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News > World

Malaysian LGBT Community Facing 'State-Funded' Homophobia: Activists

  • Gender crime has increased since the re-election of prime minister, Mahatir Mohamad, following Malaysia's general elections in May.

    Gender crime has increased since the re-election of prime minister, Mahatir Mohamad, following Malaysia's general elections in May. | Photo: Reuters

Published 22 August 2018

Transgender rights activist Thilaga Sulathireh denounced the “state-sponsored homophobia and transphobia.”

Malaysia's LGBT community is under unprecedented attack according to transgender rights activist, Thilaga Sulathireh, after police raided a known pride venue and arrested 20 men for “illicit behavior.”


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For the first time in 30 years, Malaysia's gay club, the Blue Boy, was targeted by Federal Territory Islamic Religious Department of Malaysia (JAKIM) where they detained nearly two dozen people before a court ordered them into counseling, authorities reported.

In a statement posted on Facebook, Minister Khalid Samad defended the raid, saying: “The government is very serious in dealing with this radical belief. Hopefully, this initiative can mitigate the LGBT culture from spreading into our society.”

Though homosexuality is prohibited in the mostly Muslim Asian country, crimes against members of the LGBT community went relatively unreported until an increase following the nation’s general elections in May, when Prime Minister, Mahathir Mohamad,  was re-elected for the second time.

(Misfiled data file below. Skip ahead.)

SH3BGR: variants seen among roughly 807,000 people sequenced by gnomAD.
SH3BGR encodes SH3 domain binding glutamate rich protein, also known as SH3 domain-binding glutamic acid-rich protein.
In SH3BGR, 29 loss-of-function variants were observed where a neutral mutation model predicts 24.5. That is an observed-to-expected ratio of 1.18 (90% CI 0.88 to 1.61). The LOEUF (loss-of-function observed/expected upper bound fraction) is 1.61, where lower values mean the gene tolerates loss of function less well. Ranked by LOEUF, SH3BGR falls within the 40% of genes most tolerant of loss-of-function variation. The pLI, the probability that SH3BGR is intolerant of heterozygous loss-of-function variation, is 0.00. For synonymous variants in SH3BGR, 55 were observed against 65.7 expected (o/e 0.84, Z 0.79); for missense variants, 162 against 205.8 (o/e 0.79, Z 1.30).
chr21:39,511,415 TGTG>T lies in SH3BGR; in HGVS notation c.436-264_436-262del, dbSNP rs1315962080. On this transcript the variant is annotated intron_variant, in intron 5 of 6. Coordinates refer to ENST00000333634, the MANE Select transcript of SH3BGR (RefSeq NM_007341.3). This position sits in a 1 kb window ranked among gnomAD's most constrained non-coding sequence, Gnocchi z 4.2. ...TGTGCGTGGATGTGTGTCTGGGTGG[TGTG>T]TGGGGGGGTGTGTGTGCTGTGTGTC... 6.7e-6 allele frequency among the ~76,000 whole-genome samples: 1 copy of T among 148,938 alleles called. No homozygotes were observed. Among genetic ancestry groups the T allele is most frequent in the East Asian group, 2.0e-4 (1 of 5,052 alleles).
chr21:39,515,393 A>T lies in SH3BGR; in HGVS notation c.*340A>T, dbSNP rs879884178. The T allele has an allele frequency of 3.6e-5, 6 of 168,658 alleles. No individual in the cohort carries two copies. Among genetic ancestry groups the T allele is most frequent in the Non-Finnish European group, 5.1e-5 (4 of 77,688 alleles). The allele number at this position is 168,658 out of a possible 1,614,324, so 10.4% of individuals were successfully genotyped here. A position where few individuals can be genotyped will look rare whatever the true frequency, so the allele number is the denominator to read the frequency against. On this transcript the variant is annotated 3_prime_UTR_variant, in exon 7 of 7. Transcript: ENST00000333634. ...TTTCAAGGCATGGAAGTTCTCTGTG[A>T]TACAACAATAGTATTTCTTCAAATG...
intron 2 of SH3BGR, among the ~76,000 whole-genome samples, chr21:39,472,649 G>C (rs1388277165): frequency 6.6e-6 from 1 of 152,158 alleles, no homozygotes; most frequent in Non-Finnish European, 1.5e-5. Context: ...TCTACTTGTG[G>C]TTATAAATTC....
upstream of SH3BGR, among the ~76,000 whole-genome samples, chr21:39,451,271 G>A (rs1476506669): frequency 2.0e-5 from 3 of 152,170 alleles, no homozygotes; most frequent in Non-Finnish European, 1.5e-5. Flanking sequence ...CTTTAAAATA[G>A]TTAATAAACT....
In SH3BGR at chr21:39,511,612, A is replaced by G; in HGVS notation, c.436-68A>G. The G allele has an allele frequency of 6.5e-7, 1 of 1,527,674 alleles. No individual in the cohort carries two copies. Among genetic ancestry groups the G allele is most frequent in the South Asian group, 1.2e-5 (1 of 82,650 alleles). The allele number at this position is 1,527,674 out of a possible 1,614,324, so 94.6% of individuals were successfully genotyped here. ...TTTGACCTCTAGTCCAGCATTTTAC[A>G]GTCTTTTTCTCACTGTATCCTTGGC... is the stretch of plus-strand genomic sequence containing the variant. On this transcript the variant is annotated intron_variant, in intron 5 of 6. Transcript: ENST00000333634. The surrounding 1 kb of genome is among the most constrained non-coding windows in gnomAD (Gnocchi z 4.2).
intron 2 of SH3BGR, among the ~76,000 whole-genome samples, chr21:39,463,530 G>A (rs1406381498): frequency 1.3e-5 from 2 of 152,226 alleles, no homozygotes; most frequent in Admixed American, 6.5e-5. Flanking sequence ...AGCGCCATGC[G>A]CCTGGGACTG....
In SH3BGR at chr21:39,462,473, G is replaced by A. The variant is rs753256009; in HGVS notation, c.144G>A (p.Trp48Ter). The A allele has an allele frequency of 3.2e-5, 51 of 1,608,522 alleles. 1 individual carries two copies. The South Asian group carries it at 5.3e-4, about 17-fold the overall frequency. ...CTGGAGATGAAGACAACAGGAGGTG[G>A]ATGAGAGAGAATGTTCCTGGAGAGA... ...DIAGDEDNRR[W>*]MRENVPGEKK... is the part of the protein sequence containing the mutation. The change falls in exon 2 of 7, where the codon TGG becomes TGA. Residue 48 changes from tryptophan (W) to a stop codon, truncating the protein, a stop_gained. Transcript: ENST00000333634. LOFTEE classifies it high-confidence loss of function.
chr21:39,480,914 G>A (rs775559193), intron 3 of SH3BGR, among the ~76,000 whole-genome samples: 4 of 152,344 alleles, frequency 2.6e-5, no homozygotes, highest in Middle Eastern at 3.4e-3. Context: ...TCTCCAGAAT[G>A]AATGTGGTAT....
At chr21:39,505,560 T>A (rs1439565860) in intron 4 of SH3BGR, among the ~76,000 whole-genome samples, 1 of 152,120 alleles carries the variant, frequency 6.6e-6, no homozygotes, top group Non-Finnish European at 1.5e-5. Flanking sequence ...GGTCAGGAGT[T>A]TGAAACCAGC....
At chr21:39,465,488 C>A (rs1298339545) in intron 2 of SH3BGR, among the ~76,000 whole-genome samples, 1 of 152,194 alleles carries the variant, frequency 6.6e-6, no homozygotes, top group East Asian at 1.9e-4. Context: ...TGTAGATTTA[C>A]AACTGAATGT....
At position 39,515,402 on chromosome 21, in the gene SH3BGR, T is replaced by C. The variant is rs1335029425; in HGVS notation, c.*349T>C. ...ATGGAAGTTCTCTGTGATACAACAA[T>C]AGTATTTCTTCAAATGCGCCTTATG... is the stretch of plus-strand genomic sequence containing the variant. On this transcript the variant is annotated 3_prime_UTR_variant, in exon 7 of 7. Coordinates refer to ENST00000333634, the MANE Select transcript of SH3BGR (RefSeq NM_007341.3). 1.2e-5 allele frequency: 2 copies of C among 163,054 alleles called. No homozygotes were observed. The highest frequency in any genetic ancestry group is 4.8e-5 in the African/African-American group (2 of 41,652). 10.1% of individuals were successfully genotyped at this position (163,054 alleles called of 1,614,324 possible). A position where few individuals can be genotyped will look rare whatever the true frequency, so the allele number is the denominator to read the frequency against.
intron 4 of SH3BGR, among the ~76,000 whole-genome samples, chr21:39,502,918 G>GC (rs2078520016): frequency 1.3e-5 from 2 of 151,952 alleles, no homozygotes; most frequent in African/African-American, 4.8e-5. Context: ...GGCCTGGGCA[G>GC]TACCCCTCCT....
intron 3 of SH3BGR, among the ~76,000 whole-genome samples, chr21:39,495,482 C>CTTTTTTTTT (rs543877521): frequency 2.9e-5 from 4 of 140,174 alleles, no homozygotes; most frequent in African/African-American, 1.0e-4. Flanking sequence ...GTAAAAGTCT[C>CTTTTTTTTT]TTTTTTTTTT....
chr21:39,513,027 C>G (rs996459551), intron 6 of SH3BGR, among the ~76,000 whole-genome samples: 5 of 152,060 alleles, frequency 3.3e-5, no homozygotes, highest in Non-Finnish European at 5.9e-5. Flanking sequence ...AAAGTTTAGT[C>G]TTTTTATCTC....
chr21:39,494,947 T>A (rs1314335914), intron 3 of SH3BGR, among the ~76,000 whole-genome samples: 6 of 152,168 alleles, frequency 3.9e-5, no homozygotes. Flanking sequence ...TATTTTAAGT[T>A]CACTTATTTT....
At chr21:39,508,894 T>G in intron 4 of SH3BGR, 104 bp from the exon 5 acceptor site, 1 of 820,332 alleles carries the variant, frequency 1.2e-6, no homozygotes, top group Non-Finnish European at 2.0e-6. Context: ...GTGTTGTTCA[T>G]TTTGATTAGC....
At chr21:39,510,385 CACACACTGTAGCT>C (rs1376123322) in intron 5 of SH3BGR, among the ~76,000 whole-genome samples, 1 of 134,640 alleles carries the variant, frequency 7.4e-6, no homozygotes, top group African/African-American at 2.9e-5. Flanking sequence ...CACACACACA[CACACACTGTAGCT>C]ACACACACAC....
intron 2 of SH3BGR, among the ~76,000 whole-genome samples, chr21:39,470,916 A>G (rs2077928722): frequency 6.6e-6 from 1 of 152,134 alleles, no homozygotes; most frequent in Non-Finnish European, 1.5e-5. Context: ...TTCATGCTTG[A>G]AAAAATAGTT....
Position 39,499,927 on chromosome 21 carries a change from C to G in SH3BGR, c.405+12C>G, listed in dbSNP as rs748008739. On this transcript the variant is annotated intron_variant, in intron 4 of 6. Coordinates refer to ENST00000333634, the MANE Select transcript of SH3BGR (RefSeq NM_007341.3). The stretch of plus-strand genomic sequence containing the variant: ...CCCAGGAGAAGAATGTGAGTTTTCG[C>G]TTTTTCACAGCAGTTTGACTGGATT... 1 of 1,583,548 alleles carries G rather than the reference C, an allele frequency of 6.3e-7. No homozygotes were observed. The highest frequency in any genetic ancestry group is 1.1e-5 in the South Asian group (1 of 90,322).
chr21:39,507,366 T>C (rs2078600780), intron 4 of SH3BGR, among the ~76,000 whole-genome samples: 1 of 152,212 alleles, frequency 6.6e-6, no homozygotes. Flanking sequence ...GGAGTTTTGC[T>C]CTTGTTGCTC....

Sulathireh, the co-founder of the transgender rights group Justice for Sisters, denounced the “state-sponsored homophobia and transphobia” which she says has increased the number of hate crimes and discrimination over the last three months.

“We are also seeing a lot of shrinking spaces for LGBT people – offline, online, everywhere. This level of aggression is new, and the situation is becoming really alarming,” said Sulathireh.

“We are hearing a lot of cases of people in the community feeling depressed and suicidal and not feeling safe using public facilities or even going out in public spaces,” the activist said.

LGBT rights activist and former press secretary for the Minister of Youth and Sports, Numan Afifi, was forced to step down due to his political standings and described the nation’s aversion to gender rights as “fierce.”

“Trans women are now reporting to us they are being harassed by their employers, some were forced to cut their hair suddenly or dress differently,” Afifi said.

Other incidents of violence, arbitrary arrest, and discrimination have also been reported and left in impunity.

Politician Charles Santiago said, “These are citizens of our country, they are part of the Malaysian family, and they cannot be discriminated against.”

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